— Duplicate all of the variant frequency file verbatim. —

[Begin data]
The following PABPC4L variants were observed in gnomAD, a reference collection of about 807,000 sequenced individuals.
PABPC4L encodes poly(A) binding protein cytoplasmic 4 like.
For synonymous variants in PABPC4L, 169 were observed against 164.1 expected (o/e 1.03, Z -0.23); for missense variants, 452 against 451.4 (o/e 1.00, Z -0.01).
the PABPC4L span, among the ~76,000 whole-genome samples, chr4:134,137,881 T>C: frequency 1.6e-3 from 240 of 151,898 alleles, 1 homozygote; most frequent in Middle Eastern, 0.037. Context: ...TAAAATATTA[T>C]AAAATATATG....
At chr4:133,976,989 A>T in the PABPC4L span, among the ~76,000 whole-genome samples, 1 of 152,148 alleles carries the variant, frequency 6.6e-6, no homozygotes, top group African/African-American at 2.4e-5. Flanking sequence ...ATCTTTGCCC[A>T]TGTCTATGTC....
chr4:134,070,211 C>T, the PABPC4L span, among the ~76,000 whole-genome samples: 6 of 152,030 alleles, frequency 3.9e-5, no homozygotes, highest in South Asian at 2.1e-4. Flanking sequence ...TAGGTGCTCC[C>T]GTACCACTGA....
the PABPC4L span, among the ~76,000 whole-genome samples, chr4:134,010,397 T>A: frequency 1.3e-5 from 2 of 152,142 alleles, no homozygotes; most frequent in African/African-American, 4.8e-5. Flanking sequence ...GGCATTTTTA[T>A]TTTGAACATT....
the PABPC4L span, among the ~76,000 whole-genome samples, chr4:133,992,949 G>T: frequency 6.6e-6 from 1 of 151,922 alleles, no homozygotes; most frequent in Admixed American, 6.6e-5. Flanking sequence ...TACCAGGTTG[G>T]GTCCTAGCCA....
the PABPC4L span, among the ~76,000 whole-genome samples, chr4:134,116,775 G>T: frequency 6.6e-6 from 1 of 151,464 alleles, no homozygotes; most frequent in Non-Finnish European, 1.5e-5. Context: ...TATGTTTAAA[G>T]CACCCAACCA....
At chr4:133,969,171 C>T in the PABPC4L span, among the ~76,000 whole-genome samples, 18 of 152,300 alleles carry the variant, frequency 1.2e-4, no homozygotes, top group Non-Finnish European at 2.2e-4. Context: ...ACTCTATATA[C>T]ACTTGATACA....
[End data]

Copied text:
The following PABPC4L variants were observed in gnomAD, a reference collection of about 807,000 sequenced individuals.
PABPC4L encodes poly(A) binding protein cytoplasmic 4 like.
For synonymous variants in PABPC4L, 169 were observed against 164.1 expected (o/e 1.03, Z -0.23); for missense variants, 452 against 451.4 (o/e 1.00, Z -0.01).
the PABPC4L span, among the ~76,000 whole-genome samples, chr4:134,137,881 T>C: frequency 1.6e-3 from 240 of 151,898 alleles, 1 homozygote; most frequent in Middle Eastern, 0.037. Context: ...TAAAATATTA[T>C]AAAATATATG....
At chr4:133,976,989 A>T in the PABPC4L span, among the ~76,000 whole-genome samples, 1 of 152,148 alleles carries the variant, frequency 6.6e-6, no homozygotes, top group African/African-American at 2.4e-5. Flanking sequence ...ATCTTTGCCC[A>T]TGTCTATGTC....
chr4:134,070,211 C>T, the PABPC4L span, among the ~76,000 whole-genome samples: 6 of 152,030 alleles, frequency 3.9e-5, no homozygotes, highest in South Asian at 2.1e-4. Flanking sequence ...TAGGTGCTCC[C>T]GTACCACTGA....
the PABPC4L span, among the ~76,000 whole-genome samples, chr4:134,010,397 T>A: frequency 1.3e-5 from 2 of 152,142 alleles, no homozygotes; most frequent in African/African-American, 4.8e-5. Flanking sequence ...GGCATTTTTA[T>A]TTTGAACATT....
the PABPC4L span, among the ~76,000 whole-genome samples, chr4:133,992,949 G>T: frequency 6.6e-6 from 1 of 151,922 alleles, no homozygotes; most frequent in Admixed American, 6.6e-5. Flanking sequence ...TACCAGGTTG[G>T]GTCCTAGCCA....
the PABPC4L span, among the ~76,000 whole-genome samples, chr4:134,116,775 G>T: frequency 6.6e-6 from 1 of 151,464 alleles, no homozygotes; most frequent in Non-Finnish European, 1.5e-5. Context: ...TATGTTTAAA[G>T]CACCCAACCA....
At chr4:133,969,171 C>T in the PABPC4L span, among the ~76,000 whole-genome samples, 18 of 152,300 alleles carry the variant, frequency 1.2e-4, no homozygotes, top group Non-Finnish European at 2.2e-4. Context: ...ACTCTATATA[C>T]ACTTGATACA....